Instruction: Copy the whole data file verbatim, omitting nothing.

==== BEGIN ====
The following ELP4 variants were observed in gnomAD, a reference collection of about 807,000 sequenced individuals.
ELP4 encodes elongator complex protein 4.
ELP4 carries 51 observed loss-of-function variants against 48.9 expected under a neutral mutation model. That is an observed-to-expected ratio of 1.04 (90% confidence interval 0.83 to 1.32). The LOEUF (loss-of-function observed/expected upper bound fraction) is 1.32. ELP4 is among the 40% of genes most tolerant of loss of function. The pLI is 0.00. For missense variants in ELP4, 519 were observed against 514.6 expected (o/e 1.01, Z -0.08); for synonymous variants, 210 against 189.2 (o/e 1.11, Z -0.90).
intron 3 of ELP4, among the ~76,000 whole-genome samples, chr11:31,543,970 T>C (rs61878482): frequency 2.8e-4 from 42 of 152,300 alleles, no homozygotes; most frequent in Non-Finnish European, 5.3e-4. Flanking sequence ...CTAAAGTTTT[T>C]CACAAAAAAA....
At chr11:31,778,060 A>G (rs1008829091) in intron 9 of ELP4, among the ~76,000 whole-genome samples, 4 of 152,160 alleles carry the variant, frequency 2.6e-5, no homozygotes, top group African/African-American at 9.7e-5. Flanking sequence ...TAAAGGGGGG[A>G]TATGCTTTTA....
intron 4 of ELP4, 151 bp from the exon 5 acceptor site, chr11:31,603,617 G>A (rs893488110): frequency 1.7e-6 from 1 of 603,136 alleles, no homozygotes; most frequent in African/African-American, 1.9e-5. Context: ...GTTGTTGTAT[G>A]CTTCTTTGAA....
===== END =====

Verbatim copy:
The following ELP4 variants were observed in gnomAD, a reference collection of about 807,000 sequenced individuals.
ELP4 encodes elongator complex protein 4.
ELP4 carries 51 observed loss-of-function variants against 48.9 expected under a neutral mutation model. That is an observed-to-expected ratio of 1.04 (90% confidence interval 0.83 to 1.32). The LOEUF (loss-of-function observed/expected upper bound fraction) is 1.32. ELP4 is among the 40% of genes most tolerant of loss of function. The pLI is 0.00. For missense variants in ELP4, 519 were observed against 514.6 expected (o/e 1.01, Z -0.08); for synonymous variants, 210 against 189.2 (o/e 1.11, Z -0.90).
intron 3 of ELP4, among the ~76,000 whole-genome samples, chr11:31,543,970 T>C (rs61878482): frequency 2.8e-4 from 42 of 152,300 alleles, no homozygotes; most frequent in Non-Finnish European, 5.3e-4. Flanking sequence ...CTAAAGTTTT[T>C]CACAAAAAAA....
At chr11:31,778,060 A>G (rs1008829091) in intron 9 of ELP4, among the ~76,000 whole-genome samples, 4 of 152,160 alleles carry the variant, frequency 2.6e-5, no homozygotes, top group African/African-American at 9.7e-5. Flanking sequence ...TAAAGGGGGG[A>G]TATGCTTTTA....
intron 4 of ELP4, 151 bp from the exon 5 acceptor site, chr11:31,603,617 G>A (rs893488110): frequency 1.7e-6 from 1 of 603,136 alleles, no homozygotes; most frequent in African/African-American, 1.9e-5. Context: ...GTTGTTGTAT[G>A]CTTCTTTGAA....